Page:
The State is not obligated to call every witness to crime, including an informer, but the unexplained failure to do so under some circumstances may give rise to an inference against the State. The People v. Strong, 21 Ill2d 320, 325, 172 NE2d 765 (1961); The People v. Aldridge, 19 Ill2d 176, 180, 166 NE2d 563 (1960); The People v. Jones, 30 Ill2d 186, 190, 195 NE2d 698 (1964). The People, however, may accept the risk of unexplained absence of a witness so long as the offense is otherwise proved. The People v. McElroy, 30 Ill2d 286, 290, 196 NE2d 651 (1964). An accused has the right, of course, to comment on the unexplained absence of a witness. The People v. Scott, 38 Ill2d 302, 306, 231 NE2d 441 (1967).
The particular form of the instruction tendered by the defendant was apparently based on a form which would be applicable to civil cases and which did not enunciate the rule set forth in the cited criminal cases. No evidence was presented in the record upon which the jury could determine the qualifications stated in the instruction. In closing argument, defendants’ counsel argued extensively and without objection the unfavorable inference to be drawn from the State’s failure to call Cadena as a witness.
Under this combination of facts there was no prejudice sufficient to require reversal in the refusal of the instruction.
*236The final claim of error based upon the denial of defendant Gonzales’ motion for a new trial alleging newly discovered evidence, is also without merit. At the post-trial hearing, Gonzales stated that he had “blood on the brain” and “attacks.” His wife testified that he was not the same after an automobile accident in 1965 which was some years prior to the trial and, in her opinion, due to the accident he could not fully understand the questions asked of him; that he has epilepsy and that the condition has affected his eyes. Mrs. Gonzales stated that she had not told the interpreter used in the trial, nor trial counsel, of this. Trial counsel stated that he did not learn of these circumstances until after the trial. The court examined the defendant and it was brought out that the defendant had held numerous jobs and had passed physical examinations for factory work in the intervening time. The court further noted that he had observed the defendant throughout the trial and had noticed no impairment of Gonzales’ mental capacity.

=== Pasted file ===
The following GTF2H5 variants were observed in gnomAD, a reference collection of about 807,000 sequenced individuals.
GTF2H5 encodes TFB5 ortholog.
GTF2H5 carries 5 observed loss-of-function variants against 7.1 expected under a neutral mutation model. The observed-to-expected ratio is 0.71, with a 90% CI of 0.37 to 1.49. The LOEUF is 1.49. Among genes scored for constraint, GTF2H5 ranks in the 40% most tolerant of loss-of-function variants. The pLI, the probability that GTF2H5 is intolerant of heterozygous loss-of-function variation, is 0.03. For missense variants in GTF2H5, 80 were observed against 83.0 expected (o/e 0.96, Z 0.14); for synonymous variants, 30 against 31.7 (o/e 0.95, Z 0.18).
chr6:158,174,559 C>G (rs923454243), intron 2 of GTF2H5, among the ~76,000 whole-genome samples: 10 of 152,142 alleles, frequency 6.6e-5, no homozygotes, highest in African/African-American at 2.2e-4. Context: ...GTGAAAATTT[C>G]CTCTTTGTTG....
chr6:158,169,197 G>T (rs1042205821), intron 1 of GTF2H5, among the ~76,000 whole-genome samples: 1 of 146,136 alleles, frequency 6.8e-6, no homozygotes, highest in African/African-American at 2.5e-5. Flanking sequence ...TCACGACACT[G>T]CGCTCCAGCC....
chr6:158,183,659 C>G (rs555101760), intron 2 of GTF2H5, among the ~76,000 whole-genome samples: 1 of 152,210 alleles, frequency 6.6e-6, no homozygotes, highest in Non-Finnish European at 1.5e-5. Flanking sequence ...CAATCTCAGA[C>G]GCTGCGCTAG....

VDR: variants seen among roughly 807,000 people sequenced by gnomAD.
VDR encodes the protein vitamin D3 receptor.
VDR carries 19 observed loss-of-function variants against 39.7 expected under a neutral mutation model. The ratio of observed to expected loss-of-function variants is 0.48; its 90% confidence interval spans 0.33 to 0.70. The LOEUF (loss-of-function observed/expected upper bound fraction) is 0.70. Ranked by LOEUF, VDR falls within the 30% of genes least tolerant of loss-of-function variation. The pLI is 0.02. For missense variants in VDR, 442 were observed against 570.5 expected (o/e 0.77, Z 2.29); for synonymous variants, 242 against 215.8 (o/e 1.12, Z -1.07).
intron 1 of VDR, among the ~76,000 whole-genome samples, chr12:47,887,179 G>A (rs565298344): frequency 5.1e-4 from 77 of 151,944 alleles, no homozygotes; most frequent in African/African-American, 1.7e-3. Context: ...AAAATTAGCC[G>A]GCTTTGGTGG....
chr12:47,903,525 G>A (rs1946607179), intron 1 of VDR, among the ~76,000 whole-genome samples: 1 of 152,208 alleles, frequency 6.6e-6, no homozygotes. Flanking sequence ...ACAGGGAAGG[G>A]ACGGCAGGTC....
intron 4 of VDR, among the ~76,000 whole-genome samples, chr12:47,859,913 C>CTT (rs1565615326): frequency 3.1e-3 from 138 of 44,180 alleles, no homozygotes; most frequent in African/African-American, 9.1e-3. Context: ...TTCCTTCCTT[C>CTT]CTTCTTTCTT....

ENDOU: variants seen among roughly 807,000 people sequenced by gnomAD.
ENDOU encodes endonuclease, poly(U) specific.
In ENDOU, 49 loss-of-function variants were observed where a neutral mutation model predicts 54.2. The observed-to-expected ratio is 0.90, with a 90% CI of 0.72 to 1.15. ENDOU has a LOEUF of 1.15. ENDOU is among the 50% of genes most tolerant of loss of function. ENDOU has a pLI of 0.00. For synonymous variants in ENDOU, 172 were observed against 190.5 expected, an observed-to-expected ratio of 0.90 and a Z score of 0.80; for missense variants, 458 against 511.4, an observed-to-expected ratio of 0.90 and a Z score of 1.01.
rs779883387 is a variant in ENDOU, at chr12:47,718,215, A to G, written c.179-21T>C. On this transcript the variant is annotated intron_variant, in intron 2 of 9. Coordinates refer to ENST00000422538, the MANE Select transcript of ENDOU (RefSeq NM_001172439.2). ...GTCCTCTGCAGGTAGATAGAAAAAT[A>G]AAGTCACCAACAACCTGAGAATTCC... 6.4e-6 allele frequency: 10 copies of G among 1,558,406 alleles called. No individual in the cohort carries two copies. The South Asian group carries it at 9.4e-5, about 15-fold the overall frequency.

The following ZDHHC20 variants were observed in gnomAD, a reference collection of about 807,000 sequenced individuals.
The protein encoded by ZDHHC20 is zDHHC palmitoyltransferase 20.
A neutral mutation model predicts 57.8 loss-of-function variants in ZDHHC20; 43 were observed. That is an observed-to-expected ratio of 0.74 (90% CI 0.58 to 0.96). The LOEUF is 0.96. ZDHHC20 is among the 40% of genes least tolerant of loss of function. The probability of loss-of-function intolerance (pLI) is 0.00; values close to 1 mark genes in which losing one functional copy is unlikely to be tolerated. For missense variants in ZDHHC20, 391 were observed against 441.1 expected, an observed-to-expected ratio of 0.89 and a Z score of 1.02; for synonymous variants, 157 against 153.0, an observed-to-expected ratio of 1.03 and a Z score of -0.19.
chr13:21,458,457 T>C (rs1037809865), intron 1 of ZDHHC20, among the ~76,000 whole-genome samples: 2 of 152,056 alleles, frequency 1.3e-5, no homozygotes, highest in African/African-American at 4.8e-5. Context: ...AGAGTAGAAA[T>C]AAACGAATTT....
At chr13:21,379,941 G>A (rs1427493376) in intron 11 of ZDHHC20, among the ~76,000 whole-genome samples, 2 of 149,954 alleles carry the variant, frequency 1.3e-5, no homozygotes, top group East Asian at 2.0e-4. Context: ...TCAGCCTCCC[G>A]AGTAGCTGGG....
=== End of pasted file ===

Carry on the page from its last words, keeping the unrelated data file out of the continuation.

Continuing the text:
We find no reversible error in this case and affirm the judgments below.
ABRAHAMSON and MORAN, JJ., concur.